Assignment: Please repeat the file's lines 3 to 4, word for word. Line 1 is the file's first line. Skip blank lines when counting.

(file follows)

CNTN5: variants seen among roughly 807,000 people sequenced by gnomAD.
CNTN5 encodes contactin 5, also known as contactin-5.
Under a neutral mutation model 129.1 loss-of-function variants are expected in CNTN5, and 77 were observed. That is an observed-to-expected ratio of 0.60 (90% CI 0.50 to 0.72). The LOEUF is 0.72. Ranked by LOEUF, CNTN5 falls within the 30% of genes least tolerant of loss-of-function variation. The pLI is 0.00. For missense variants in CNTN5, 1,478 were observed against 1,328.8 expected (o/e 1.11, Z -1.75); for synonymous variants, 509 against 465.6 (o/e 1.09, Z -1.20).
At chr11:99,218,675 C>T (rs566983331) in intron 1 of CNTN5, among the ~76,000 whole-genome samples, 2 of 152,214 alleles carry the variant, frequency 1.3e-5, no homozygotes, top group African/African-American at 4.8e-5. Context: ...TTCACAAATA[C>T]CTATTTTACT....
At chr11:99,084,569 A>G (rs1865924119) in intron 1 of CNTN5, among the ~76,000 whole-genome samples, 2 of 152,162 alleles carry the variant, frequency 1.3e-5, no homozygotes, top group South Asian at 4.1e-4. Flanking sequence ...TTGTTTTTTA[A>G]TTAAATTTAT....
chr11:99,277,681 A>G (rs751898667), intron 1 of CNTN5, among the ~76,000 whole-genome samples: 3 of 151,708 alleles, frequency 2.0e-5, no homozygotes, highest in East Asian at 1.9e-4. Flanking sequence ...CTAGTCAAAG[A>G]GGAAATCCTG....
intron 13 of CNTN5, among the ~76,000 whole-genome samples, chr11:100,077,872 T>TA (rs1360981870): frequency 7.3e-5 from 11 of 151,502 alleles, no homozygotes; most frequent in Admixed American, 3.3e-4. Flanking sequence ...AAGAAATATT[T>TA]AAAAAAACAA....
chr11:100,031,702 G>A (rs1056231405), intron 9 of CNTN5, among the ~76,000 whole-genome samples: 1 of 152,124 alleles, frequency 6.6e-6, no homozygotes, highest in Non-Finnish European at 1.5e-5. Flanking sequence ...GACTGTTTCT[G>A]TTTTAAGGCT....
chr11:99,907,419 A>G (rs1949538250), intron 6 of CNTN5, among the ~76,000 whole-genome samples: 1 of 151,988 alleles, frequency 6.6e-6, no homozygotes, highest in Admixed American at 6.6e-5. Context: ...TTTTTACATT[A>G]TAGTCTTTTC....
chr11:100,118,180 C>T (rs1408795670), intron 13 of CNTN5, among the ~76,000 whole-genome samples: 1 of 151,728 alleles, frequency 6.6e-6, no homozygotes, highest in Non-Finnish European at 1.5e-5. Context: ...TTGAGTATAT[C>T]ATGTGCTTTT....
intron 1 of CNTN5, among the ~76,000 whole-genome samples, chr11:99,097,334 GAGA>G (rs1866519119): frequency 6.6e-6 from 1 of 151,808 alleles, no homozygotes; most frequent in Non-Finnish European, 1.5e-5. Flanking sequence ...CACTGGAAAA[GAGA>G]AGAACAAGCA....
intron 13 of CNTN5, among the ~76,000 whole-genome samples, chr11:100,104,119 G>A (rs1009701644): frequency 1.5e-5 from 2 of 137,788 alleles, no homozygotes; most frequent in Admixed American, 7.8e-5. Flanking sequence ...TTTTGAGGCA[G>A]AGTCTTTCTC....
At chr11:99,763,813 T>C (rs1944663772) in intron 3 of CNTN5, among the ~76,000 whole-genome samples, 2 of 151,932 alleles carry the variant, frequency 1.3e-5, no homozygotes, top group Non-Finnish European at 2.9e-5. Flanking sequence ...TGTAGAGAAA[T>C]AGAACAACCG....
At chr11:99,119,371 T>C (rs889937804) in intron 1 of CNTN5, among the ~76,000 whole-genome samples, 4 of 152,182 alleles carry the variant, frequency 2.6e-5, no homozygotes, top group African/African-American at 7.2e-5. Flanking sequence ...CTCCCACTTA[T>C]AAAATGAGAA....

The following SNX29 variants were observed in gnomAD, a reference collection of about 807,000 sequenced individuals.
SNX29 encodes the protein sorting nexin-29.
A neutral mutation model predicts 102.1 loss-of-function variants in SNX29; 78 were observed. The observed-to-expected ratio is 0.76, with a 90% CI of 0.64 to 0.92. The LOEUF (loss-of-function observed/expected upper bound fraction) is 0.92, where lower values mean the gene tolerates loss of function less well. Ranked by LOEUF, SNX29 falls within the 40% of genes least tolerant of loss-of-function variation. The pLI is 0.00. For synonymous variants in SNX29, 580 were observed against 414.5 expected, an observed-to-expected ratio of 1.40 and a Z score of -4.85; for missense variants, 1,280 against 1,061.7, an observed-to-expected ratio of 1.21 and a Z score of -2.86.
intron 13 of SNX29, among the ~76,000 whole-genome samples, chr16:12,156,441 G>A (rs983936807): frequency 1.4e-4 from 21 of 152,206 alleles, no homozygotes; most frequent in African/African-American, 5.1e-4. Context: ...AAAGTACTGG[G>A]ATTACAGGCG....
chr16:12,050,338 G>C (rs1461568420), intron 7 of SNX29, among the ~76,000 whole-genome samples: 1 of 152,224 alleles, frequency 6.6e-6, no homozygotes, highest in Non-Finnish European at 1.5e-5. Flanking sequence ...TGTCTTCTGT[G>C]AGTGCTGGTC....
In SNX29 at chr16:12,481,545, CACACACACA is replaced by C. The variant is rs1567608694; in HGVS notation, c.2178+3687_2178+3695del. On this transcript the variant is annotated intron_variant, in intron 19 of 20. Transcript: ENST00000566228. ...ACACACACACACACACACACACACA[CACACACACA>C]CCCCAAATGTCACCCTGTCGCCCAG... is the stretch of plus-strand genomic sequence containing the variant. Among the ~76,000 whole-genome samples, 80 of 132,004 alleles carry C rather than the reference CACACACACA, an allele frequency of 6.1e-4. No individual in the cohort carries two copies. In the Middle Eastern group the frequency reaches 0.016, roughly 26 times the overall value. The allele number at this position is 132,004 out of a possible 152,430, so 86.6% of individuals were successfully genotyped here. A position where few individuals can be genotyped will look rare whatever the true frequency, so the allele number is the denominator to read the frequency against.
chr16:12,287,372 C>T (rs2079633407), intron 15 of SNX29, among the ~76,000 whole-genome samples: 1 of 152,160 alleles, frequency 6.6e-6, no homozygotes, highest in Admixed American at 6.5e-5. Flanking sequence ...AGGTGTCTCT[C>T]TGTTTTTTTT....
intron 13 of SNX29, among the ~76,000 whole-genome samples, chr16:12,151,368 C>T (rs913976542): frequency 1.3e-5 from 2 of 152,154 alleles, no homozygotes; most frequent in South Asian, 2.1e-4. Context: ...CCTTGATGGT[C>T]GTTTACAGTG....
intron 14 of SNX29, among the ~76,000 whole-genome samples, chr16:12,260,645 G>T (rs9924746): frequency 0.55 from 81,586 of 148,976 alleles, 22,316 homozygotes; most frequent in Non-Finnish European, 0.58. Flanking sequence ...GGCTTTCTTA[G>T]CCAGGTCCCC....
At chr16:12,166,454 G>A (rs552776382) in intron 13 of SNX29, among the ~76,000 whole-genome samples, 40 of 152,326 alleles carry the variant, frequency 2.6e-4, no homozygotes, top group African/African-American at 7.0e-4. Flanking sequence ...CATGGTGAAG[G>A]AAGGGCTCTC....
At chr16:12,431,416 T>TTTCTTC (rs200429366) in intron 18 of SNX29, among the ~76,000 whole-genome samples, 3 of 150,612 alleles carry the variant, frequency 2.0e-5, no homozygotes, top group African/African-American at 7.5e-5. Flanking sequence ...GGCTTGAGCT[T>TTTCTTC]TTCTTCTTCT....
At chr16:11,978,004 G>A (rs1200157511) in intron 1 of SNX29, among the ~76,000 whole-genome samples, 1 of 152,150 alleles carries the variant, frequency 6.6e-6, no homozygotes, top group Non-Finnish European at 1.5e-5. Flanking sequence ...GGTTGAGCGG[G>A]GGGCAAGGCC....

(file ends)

Under a neutral mutation model 129.1 loss-of-function variants are expected in CNTN5, and 77 were observed. That is an observed-to-expected ratio of 0.60 (90% CI 0.50 to 0.72). The LOEUF is 0.72. Ranked by LOEUF, CNTN5 falls within the 30% of genes least tolerant of loss-of-function variation. The pLI is 0.00. For missense variants in CNTN5, 1,478 were observed against 1,328.8 expected (o/e 1.11, Z -1.75); for synonymous variants, 509 against 465.6 (o/e 1.09, Z -1.20).
At chr11:99,218,675 C>T (rs566983331) in intron 1 of CNTN5, among the ~76,000 whole-genome samples, 2 of 152,214 alleles carry the variant, frequency 1.3e-5, no homozygotes, top group African/African-American at 4.8e-5. Context: ...TTCACAAATA[C>T]CTATTTTACT....